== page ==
So...what do you do? Resources are hard to find. I was really lucky to meet some great people who love our city and want what is best for kids. This was the advice I received. My new goal is to put together a binder full of community resources. From free pregnancy tests to local homeless shelters and everything inbetween. We don't have a resource like this at my school, and it is something I want in my classroom. Not just in the counselor's office. Just as I learned with addiction you have to move fast, I feel like with my situation it is best to give those resources quickly before a students gets in too deep. We have one counselor for 4 school sites. Sometimes that lack of time could put a student more at-risk. I hope to work on that project this summer and share soon.
What else can we do? We can be active in our community and voice our concerns. We can write our local Congressman and look for researched based practices to hinder these fatal highs. I wish I had more answers, but I know that I can't stay silent.
2. Reflecting on my job
We continuation school teachers have to take care of ourselves. After working with my addicted student, being more aware of others that are abusing potentially fatal drugs, all of the end of the year stuff I am responsible for: Prom, grad speakers, gradnite, WASC, getting students to graduate...I didn't think of myself at all. I was not conscious of the fact that our job is EMOTIONALLY DRAINING. Emotionally strenuous jobs take just as much of a toll physically as physically strenuous jobs. It just uses different muscles. When stressed (dealing with an emotionally difficult time) we tense up our facial muscles, neck, shoulders, and hips. I am sure at the end of the school year, everybody is feeling these aches and pains.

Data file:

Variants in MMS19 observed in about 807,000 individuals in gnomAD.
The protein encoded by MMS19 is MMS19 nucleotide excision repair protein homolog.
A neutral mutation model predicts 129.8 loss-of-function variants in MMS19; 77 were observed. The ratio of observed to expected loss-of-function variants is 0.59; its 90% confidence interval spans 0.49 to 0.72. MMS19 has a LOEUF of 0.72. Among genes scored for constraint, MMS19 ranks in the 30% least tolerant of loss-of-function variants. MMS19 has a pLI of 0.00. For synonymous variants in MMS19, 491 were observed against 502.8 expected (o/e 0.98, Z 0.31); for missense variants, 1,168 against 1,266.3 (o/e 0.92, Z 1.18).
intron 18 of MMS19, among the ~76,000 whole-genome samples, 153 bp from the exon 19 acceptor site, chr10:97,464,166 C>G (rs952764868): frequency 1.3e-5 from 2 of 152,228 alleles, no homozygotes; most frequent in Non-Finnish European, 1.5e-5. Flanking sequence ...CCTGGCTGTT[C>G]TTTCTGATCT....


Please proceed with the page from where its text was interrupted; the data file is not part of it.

We have little control of what is going to happen day by day and moment by moment. We can have a great lesson plan, then have to scrap it because a student's life matter was more important. Every teacher faces these issues, but continuation schools have a concentration of these troubles faced in a community and we get the concentrated version of these issues.
What makes us different from other teachers is the amount of social skills and emotional learning we need to actively teach in our classroom, which is more than others. We have to relate our lessons back to our students lives. We have to model what an apology looks like and what it looks like to be nice, caring, and a team player. Along with an average 3rd grade reading level school-wide we have a ton of students with huge chips on their shoulder and we can help lift those. We have to model good decision making and what positive self talk looks like. We have to teach them that life is a series of choices and they are capable for making the right decisions.